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One colorful celebration

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Varun Kirti could recall every detail about celebrating Holi in India.

“You probably start as early as 8 a.m., through the entire afternoon and then come back at like 6 p.m.,” he said.

It’s a day-long haunt of running through the streets hurling colored dyes at strangers and friends, visiting another friend’s house to eat before more running, and then more eating.

“The next day is just for sleeping,” he said. “Because you have eaten so much and then you worked out so much.”

When Kirti came to the United States, however, Holi was relegated to his memory. In his first three years as an expat, first in Colorado and, for the last five months, in Ashland, his sense of Indian community dramatically shrunk.

That’s why arriving at the Ashland Holi festival event Sunday on the ScienceWorks Hands-On Museum lawn brought a tear to his eye, he said.

“I cried a little bit because this is my favorite festival — just a little,” he said, ducking his head and laughing.

The spring festival, which is rooted in Hinduism but is also celebrated by other religious groups in the Indian subcontinent, is one of the largest and most easily-recognizable celebrations in the world. Its main feature, throwing vibrant pigments and water, has spread even into Western culture via music festivals and 5K runs.

Neeta Singh, a 17-year resident of Ashland and organizer of the Sunday event, said that she has been able to keep Holi traditions alive among her family and friends. But, perhaps more than any other Indian festival, Holi is not designed to be a private affair.

The size of the Indian-American community in the Rogue Valley makes it difficult to replicate the usual celebrations, so Singh adapted the festival traditions so that people of all cultural backgrounds could experience the saturation of their world.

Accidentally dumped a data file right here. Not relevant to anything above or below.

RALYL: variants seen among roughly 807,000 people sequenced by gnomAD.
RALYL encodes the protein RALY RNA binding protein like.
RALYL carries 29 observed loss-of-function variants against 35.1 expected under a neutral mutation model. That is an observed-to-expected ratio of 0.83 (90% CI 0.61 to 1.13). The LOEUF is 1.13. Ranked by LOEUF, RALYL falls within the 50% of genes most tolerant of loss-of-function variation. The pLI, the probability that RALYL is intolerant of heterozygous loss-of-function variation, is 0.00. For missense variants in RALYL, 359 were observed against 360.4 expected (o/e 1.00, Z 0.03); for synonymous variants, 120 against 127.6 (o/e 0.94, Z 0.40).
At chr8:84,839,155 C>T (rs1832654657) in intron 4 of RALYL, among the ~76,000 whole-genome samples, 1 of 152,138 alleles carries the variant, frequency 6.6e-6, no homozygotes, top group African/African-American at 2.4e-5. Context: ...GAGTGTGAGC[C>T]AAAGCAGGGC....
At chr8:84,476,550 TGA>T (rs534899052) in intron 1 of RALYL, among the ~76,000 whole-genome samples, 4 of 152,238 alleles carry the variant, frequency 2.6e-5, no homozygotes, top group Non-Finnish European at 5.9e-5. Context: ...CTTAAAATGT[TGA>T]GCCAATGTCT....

“It excites me,” she said. “I just want people to take away a lot of fun and good memories. ... We are celebrating the coexistence, that we all live on this planet at the same time.”

See and hear the scene at Holi in the video below:

Part of that involved moving the date of the celebration itself; Holi in India takes place in March, to welcome the arrival of spring.

But in Southern Oregon, the 80-plus-degree weather and cloudless May sun meant that attendees making enthusiastic use of water guns and water balloons dried off quickly, especially if they were dancing to the beat of the dhol, a traditional double-headed drum.

Gurdeep Hira and his son Santpreet traveled up from the San Francisco Bay area to provide the dhol music. The two have been performing together for about a decade, Santpreet said.

He said that he was surprised that the region had enough of an Indian community to sustain a Holi celebration.

“But it’s still pretty good,” the 20-year-old University of California at Davis student said, looking around at the lawn already spattered with intense purple, blue, orange and green.

“At least it’s not, like, just us,” he said.

Attendees, who paid $10 for tickets, dined on chicken pakora, curry, rice and naan, donated by Taj restaurant in Ashland.

They experienced an additional Indian element — eating with their hands — after an oversight that meant no forks were available.

Singh said it took about $2,000 to put the event together, including purchasing skin-friendly pigments for participants to throw.

Singh is known in Ashland not only for teaching Bollywood dance classes, but also for her Ayurvedic beauty and wellness brand, called Neeta Naturals.

The event was partly a celebration of her products recently being accepted for sale in the Ashland Food Co-op, Singh said.

For some attendees, the reasons for attending were even more varied than cultural significance or success in business.

For Kat Kinion and Brenly Treece, it was a first date.

“I suggested we go donate plasma, but that didn’t work out,” Kinion said.

A history major, Kinion said that she jumps at the chance to experience other cultures, because “especially here in Southern Oregon, we don’t do it very often.”

Kirti, seeking refuge in the shade, said that for the afternoon, he felt a little closer to the culture he grew up with, dancing to the beat of Bollywood tunes and rubbing color from his hands.

He just wants more people to come, if Singh is able to pull it off again next year.

“It’s hard to explain it to someone,” he said. “I cannot just tell somebody how much fun I had doing this.”

Reach Mail Tribune reporter Kaylee Tornay at ktornay@rosebudmedia.com or 541-776-4497. Follow her on Twitter @ka_tornay.

Shannon Harris, of Ashland, gets hits with blue powder by Heather Adams of Medford during Sunday's Hindu Festival of Color at ScienceWorks. Photo by Denise Baratta
Holi Fest participant Justin Dorham, 6, of Ashland is a palette of powdery colors. Photo by Denise Baratta